Fool me once, shame on you; fool me twice, shame on me; fool me three times … you must be an astronomer.
Gamma ray bursts are celebrities in the astronomy world for a number of reasons – they’re the brightest electromagnetic events known in the universe; many are so far away that they’re thought to be the afterglow of massive supernova blasts from just after the Big Bang. It’s the second reason that gets the most attention, which is why a recent burst from the galaxy farthest away from us gets a lot of attention – a flash from galaxy GN-z11 looks like it occurred 13.2 billion years ago, just 400 million years after the Big Bang. It’s also why it gets a lot of scrutiny, and two new studies suggest it’s not 13.2 billion light years from Earth … it may actually be so close we can almost touch it. Don’t astronomers know it’s Halloween season, not April Fools Day?
“This is a typical problem in astronomy – it's difficult to measure distances."
OK, that’s true for DIY carpenters … but we expect better from astronomers. Astronomer Michał Michałowski of the Adam Mickiewicz University in Poland led one study of the GN-z11-flash, published in Nature Astronomy. He commented in Science Alert on the assessment made in 2020 by Kavli Institute for Astronomy and Astrophysics and Peking University researcher Linhua Jiang and his team that the gamma-ray burst picked up by the MOSFIRE instrument on the Keck I telescope in Hawaii in 2017 appeared to have occurred 13.2 billion years ago. Another study, also published in Nature Astronomy and led by astrophysicist Charles Steinhardt of the University of Copenhagen's Niels Bohr Institute in Denmark, agreed with Michalowski – those measurements looked astronomically fishy – and not in a Pisces constellation way. They both agreed the Hubble picked up something with the brightness of a gamma ray burst but not from GN-z11.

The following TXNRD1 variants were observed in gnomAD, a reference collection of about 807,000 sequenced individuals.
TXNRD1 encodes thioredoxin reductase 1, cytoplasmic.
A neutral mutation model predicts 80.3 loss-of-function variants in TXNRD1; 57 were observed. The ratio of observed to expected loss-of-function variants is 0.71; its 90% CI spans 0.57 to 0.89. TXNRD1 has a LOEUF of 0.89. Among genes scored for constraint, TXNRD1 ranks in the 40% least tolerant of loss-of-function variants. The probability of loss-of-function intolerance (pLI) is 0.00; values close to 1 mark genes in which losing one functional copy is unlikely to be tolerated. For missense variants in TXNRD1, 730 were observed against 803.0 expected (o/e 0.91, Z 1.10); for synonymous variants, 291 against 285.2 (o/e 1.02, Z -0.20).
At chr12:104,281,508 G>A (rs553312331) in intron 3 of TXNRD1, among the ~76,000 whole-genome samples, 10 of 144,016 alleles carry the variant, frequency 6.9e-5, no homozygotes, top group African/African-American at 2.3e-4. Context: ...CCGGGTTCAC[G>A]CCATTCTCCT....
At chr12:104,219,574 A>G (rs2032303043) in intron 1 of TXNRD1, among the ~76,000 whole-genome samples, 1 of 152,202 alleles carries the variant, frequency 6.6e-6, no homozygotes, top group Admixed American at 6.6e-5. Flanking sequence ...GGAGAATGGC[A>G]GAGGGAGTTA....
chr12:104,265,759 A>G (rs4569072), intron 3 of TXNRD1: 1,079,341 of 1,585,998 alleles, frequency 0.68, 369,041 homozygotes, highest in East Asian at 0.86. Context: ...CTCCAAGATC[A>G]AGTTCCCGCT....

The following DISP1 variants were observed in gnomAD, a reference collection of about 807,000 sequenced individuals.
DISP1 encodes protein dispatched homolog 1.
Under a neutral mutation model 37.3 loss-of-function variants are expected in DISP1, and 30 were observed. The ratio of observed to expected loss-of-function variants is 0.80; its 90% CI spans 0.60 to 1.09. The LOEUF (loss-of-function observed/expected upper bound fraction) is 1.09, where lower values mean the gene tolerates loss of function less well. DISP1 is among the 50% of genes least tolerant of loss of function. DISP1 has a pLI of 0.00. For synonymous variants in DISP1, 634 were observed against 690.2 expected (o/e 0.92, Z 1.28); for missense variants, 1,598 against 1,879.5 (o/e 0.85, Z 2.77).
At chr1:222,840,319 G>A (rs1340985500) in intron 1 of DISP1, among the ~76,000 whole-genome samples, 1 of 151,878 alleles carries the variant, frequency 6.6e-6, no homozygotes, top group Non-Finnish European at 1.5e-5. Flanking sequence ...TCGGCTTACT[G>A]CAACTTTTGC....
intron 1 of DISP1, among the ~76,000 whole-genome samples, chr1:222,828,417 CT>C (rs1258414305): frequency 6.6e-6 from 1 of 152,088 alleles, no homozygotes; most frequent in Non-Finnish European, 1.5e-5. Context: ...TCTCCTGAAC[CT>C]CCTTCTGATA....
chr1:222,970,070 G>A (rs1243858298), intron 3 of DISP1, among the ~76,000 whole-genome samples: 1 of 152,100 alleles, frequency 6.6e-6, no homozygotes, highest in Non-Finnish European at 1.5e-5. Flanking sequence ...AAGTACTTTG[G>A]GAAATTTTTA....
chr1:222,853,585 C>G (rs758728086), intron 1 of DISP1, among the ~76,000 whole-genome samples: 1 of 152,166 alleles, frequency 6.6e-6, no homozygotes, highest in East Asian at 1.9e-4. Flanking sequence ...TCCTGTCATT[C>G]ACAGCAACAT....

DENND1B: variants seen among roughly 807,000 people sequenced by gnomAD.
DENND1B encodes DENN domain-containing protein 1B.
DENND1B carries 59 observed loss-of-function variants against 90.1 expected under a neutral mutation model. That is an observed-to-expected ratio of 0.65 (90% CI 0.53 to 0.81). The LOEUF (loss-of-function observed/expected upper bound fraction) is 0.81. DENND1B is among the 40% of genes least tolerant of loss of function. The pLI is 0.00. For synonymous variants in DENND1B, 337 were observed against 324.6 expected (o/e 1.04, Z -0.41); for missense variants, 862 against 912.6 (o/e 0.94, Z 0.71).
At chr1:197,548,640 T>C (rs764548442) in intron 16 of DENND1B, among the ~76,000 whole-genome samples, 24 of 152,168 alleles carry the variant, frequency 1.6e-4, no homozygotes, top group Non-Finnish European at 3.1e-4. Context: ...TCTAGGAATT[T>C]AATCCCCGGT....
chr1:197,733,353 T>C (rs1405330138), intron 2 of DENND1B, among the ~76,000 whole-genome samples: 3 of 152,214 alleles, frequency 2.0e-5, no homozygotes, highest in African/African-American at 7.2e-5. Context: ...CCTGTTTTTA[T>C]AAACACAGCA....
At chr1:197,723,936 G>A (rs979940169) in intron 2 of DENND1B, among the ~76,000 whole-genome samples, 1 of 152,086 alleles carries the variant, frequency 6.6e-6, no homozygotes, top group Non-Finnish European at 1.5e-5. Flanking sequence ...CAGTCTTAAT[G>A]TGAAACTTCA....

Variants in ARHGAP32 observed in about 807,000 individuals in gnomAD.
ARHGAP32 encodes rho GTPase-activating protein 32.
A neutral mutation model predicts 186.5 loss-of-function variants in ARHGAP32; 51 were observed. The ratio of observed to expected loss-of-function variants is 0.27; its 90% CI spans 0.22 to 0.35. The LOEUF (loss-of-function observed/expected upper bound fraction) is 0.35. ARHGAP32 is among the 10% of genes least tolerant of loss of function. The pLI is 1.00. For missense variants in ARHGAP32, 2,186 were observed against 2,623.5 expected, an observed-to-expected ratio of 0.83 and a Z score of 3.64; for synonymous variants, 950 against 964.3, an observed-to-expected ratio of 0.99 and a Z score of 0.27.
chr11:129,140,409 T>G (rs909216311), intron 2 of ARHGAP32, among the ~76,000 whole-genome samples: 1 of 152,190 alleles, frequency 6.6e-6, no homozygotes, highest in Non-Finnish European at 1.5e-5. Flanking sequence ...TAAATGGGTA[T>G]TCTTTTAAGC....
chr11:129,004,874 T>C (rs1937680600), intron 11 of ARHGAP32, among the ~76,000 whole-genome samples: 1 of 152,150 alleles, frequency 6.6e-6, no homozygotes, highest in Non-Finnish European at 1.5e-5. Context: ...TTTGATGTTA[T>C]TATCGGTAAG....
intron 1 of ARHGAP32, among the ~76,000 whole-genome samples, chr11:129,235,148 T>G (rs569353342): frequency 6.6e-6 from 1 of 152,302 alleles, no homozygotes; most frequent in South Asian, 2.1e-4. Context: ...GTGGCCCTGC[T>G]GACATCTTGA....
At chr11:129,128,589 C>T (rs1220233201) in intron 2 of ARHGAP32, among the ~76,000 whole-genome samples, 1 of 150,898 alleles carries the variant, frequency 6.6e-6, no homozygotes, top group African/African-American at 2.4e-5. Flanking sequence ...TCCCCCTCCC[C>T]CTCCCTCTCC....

"An object with a given recorded brightness may be a faint nearby object or a luminous distant object. In both cases they would appear equally bright for us. The object in question turned out to be a very nearby piece of space junk, but its brightness was equally compatible with a huge stellar explosion at the edge of the observable Universe."
Space junk! Specifically, a discarded Breeze-M upper stage of a Russian Proton rocket launched in 2015 that records confirmed was at a distance of 13,758 kilometers from Earth, and would have appeared in the MOSFIRE field of view during the time the flash was taking place. The ‘flash’ was actually a refection of the Sun off of the rocket. At the time of its discovery in 2017, Jiang and his team considered the space junk possibility but ruled it out. With the new information, did Jiang and his team admit they were wrong?
"We cannot completely rule out the possibility of unknown satellites (or debris). Despite this fact, our new calculations have suggested that our original conclusion remains valid."
Of course not! In their response in Nature Astronomy (the go-to place for astronomy spats), they defended their original assessment that the GN-z11-flash was a gamma ray burst from 13.2 billion years ago, but the seed of doubt has been planted in the astronomy community and they will need to build a stronger case.
To paraphrase the rule of thumb for carpenters into the astronomy world: “Measure twice, publish once.”